Minister: Local Enterprise Partnerships lack “a clear focus” on growth

In a searing critique of government policy, business minister Mark Prisk has written to his boss, Vince Cable, warning that the introduction of Local Enterprise Partnerships (LEPs) across England to replace the eight regional development agencies has generated “considerable friction” from the business community, running the risk that they “become detached from this policy heralding likely failure [of LEPs] in large parts of England”.

In a searing critique of government policy, business minister Mark Prisk has written to his boss, Vince Cable, warning that the introduction of Local Enterprise Partnerships (LEPs) across England to replace the eight regional development agencies has generated “considerable friction” from the business community, running the risk that they “become detached from this policy heralding likely failure [of LEPs] in large parts of England”.

In a leaked letter in yesterday’s Times (£), Prisk says:

“There is a strong view amongst the business community that many LEPs lack the ambition to make significant economic impact, undermining our agenda for growth.”

The letter goes on:

“Key messages I have been made aware of include a lack of credible business representation; negotiations dominated by local politics; and a lack of a clear focus on economic growth.”

Mr Prisk, a long-time opponent of regional development agencies, is an unlikely emissary of such tidings, however the timing of his letter is instructive. It was written on 14 September, the week after the deadline for local authorities and businesses to submit proposals for LEPs. Prisk’s initial examination of the bids showed that “attempts to engage business have been cursory in too many circumstances”.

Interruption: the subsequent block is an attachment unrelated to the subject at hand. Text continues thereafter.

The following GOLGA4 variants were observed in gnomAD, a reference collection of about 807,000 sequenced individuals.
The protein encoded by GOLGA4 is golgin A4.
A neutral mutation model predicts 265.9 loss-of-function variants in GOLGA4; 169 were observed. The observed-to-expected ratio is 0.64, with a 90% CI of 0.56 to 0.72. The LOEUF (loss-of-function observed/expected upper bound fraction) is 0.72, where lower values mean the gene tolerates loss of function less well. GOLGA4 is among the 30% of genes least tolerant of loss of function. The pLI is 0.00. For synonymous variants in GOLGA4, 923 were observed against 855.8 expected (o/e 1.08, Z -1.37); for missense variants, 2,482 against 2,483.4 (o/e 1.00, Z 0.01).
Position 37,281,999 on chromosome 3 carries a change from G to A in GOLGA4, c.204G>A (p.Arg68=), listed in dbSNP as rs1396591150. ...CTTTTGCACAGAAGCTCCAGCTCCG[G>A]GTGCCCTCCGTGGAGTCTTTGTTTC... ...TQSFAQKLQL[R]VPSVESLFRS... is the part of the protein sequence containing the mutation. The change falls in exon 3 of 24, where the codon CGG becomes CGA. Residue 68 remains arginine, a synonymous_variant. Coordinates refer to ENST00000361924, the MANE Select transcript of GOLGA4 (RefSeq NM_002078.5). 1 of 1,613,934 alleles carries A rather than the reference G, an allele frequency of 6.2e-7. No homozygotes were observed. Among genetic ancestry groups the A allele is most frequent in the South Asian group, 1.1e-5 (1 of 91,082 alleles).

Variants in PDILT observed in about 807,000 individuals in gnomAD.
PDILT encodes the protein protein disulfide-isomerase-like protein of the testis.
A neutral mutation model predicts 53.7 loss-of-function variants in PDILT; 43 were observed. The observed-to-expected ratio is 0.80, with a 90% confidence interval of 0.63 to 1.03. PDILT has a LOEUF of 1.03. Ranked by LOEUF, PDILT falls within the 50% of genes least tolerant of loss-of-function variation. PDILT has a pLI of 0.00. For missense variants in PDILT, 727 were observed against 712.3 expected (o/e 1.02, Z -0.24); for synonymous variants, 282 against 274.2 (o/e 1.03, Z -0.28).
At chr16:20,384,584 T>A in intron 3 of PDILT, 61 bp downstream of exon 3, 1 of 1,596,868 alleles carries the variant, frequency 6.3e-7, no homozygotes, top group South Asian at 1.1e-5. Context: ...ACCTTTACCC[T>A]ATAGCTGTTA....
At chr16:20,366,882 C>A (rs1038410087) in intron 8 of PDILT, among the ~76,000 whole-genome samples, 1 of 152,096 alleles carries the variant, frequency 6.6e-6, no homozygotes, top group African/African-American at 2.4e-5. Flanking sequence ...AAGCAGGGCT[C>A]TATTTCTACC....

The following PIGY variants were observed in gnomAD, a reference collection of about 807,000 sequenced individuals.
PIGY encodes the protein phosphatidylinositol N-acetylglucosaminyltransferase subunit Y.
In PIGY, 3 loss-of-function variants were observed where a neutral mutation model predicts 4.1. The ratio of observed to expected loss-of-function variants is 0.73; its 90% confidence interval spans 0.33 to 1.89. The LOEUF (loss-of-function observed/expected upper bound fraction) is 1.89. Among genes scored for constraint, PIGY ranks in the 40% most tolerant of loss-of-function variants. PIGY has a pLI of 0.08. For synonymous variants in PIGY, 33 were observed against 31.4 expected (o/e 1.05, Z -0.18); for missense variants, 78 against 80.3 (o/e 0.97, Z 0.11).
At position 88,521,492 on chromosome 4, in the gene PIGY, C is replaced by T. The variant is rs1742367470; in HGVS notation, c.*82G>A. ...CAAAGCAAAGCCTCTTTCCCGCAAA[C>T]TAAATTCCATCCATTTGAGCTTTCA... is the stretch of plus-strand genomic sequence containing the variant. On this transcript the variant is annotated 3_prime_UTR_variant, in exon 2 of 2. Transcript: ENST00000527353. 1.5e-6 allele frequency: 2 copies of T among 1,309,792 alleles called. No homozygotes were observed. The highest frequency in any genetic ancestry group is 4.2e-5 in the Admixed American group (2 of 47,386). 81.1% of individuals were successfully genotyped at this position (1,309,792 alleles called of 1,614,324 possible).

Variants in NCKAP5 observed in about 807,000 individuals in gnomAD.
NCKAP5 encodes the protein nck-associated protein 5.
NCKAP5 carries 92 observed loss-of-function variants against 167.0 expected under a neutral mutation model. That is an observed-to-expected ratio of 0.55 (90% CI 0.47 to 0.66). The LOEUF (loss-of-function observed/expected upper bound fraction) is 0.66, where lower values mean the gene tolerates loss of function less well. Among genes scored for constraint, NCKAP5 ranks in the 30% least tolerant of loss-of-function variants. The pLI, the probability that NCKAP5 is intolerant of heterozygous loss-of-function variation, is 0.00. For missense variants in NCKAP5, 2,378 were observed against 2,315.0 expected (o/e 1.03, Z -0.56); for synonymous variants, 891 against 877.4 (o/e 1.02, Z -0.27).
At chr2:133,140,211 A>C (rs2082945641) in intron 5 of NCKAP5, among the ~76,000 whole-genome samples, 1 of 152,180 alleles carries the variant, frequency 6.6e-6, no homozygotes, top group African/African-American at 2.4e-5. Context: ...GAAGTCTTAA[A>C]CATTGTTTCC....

Knowing what he knew, Mr Prisk nevertheless told the Northern Regeneration Summit in Manchester on 12 October:

“So let’s be very clear: LEPs will succeed only if the local business community is right at their heart, shaping the vision and setting priorities for action. That is a key criterion against which all applications are being assessed.”

By the terms of the minister’s own leaked letter, LEPs have failed before they have even begun, reinforcing the point made by CBI director-general, Richard Lambert, that the process to date has been a “shambles”.

This led to just 24 out of 62 LEP applications getting approved last week, leaving whole swathes of the country (21 million people, according to figures compiled by the House of Commons Library for shadow business secretary, John Denham) at a serious potential economic disadvantage as the government’s new Regional Growth Fund opens for business.

As Left Foot Forward pointed out last week, LEPs are a solution no one seems to want. Unfortunately ministers have been hell-bent on sloppy ideological policy-making and are now waking up too late to the fact that LEPs, shorn of the regional development agencies’ £2.3 billion budget and larger operating scale, are simply not up to the task of supporting regional economic growth.

As Mr Denham put it:

“It’s crystal-clear the government has no coherent strategy for growth. The hasty and dogmatic changes they are ramming through are making the position for businesses worse.”

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